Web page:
HM Inspectorate of Prisons report finds that G4S security staff at a UK Border Agency detention facility “deserve great credit”, despite unacceptable use of force on pregnant detainee.

A pregnant woman in a wheelchair was tipped up and held by her feet by G4S staff at Cedars, the Border Agency’s ‘compassionate’ new detention facility. The incident emerged in the first report on Cedars by the Prisons Inspectorate who said the “substantial force” used against the pregnant woman caused “significant risk of injury to her unborn child”. At one point she fell from her wheelchair. Chief Inspector Nick Hardwick said: “there is no safe way to use force against a pregnant woman, and to initiate it for the purposes of removal was to take an unacceptable risk”.

Hardwick’s criticism is only the latest reputational blow to G4S, which has both the death of Jimmy Mubenga, and the botched Olympics security arrangements on its record.

Cedars opened in August 2011 in West Sussex as part of the coalition government’s re-branding of child detention as “family friendly pre-departure accommodation”. The name Cedars is an acronym standing for Compassion, Empathy, Dignity, Respect and Support.

Several incidents in the report highlight the fact that Cedars — despite the decor and well-stocked play areas — is indeed a detention centre. More than half of the families held were arrested in the ‘dawn-raids’ that have been repeatedly criticised over years as unnecessarily distressing. Of 39 families detained at the centre so far, six have been subjected to forceful restraint, including against two children. In one incident an escort restrained a detainee by grabbing their hair.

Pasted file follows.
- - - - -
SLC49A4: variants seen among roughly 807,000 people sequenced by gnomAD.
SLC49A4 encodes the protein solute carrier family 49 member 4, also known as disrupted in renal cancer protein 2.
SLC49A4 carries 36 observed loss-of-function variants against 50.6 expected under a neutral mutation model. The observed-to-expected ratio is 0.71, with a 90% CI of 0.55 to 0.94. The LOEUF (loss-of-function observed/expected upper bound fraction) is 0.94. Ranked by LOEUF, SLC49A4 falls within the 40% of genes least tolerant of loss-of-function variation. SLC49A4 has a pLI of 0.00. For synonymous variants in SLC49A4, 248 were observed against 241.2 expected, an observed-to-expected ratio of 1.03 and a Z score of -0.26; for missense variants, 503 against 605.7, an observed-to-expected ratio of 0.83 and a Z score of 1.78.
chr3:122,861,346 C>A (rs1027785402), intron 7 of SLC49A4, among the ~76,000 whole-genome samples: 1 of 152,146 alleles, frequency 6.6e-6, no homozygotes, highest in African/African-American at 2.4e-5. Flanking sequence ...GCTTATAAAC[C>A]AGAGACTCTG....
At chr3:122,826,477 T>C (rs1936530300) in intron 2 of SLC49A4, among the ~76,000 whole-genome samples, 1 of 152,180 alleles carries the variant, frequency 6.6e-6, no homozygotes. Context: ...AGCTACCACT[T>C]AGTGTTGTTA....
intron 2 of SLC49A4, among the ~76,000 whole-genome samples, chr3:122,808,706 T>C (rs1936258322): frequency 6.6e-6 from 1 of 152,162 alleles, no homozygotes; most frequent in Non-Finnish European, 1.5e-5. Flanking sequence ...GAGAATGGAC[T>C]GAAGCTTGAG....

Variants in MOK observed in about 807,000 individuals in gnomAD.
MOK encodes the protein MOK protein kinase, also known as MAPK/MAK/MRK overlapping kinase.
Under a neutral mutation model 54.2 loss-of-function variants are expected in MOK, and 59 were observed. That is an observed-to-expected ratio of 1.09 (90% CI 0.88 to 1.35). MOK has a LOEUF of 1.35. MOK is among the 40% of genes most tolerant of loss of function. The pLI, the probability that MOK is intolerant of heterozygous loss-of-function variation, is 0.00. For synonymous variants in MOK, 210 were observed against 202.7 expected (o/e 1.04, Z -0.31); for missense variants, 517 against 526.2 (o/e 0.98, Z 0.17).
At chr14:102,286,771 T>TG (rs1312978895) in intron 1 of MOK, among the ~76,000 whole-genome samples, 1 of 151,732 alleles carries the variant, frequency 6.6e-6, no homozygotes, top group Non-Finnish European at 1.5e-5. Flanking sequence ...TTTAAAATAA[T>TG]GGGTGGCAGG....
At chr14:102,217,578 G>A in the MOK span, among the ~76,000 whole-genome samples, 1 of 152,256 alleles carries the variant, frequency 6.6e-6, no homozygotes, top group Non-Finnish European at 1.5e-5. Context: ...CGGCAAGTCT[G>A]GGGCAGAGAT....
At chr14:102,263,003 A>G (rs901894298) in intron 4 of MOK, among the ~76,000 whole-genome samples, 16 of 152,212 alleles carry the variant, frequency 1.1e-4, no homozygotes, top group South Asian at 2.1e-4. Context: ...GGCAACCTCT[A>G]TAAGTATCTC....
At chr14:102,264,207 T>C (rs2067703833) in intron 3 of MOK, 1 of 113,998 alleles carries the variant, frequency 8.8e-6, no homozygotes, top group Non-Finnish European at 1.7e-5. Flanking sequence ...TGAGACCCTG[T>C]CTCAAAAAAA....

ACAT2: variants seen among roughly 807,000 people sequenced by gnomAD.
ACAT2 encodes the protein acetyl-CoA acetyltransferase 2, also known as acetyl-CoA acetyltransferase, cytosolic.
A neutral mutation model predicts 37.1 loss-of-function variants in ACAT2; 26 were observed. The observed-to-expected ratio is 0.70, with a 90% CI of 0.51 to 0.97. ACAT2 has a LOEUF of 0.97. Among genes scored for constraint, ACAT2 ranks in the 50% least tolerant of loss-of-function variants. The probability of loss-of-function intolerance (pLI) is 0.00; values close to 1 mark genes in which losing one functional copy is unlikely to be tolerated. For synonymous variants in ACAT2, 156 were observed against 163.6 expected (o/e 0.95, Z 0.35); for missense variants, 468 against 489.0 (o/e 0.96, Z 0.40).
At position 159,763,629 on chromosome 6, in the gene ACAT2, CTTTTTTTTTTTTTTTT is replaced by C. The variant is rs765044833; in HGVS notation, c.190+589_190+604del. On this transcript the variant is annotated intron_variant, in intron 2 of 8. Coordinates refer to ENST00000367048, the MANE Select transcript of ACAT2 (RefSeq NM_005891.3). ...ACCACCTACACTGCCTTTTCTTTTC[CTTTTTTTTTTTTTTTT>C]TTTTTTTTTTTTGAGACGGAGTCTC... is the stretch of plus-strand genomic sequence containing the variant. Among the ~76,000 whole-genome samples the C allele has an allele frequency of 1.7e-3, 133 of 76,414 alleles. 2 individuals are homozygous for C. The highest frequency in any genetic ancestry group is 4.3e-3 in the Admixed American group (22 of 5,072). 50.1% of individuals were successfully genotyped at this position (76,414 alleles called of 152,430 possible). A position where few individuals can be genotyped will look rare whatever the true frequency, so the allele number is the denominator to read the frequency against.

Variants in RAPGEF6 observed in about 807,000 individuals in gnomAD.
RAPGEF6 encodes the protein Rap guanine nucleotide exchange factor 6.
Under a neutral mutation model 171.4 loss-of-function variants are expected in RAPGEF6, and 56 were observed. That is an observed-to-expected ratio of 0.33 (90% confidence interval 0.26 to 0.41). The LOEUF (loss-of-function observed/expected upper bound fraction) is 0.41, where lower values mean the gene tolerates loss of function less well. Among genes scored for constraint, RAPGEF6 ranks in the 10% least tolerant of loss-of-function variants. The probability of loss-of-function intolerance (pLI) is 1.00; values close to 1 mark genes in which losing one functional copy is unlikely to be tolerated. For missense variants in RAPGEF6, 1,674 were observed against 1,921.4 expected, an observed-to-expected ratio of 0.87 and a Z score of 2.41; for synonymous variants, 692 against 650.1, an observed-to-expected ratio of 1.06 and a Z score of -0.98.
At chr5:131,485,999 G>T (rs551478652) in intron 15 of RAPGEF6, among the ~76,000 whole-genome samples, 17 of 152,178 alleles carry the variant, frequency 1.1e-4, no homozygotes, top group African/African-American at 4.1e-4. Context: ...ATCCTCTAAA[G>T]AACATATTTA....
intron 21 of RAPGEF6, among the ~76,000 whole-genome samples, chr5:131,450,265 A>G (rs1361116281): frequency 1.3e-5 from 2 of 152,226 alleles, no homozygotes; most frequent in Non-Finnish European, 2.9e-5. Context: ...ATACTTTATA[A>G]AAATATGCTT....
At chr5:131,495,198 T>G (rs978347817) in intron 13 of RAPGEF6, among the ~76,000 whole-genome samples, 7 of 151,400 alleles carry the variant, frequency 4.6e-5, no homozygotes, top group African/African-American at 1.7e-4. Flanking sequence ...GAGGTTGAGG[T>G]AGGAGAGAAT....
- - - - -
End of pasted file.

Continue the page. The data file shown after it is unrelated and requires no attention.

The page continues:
Though the report praises the healthcare in general, it notes ‘limited’ mental health provision. Access to a psychiatrist is available for only two detainees per week, hardly sufficient, since the maximum stay for families is in theory 72 hours, and no more than a week even in exceptional circumstances.

The Independent Family Returns Panel (an ‘independence’ challenged on OurKingdom), which is supposed to protect children’s interests, was shown in the report to be acting too slowly to perform its role. The report noted recommendations from the Panel that reached staff at Cedars after the family on whose case they were commenting had already been removed.

The report notes with apparent surprise that children became very distressed “despite anticipation of their needs and active management by Barnardo’s staff”. It has long been established that detention is incredibly distressing and damaging for children. In truth the only surprise here is the expectation that having staff from a children’s charity present would change that fact. (OurKingdom has reported on Barnardo’s involvement here and here).

Despite these damning revelations, the Inspectorate claims that the staff who run Cedars “deserve great respect”. The report praises many aspects of the centre, including the food, library and IT facilities available, and concludes that conditions and treatment at Cedars “exceed by some distance what families have previously experienced before removal”. Given the standards observed in previous reports, this should not be viewed as particularly high praise.

In short, children and families are still being detained by our government, whose promise to end this practice – made more than two years ago – remains broken.


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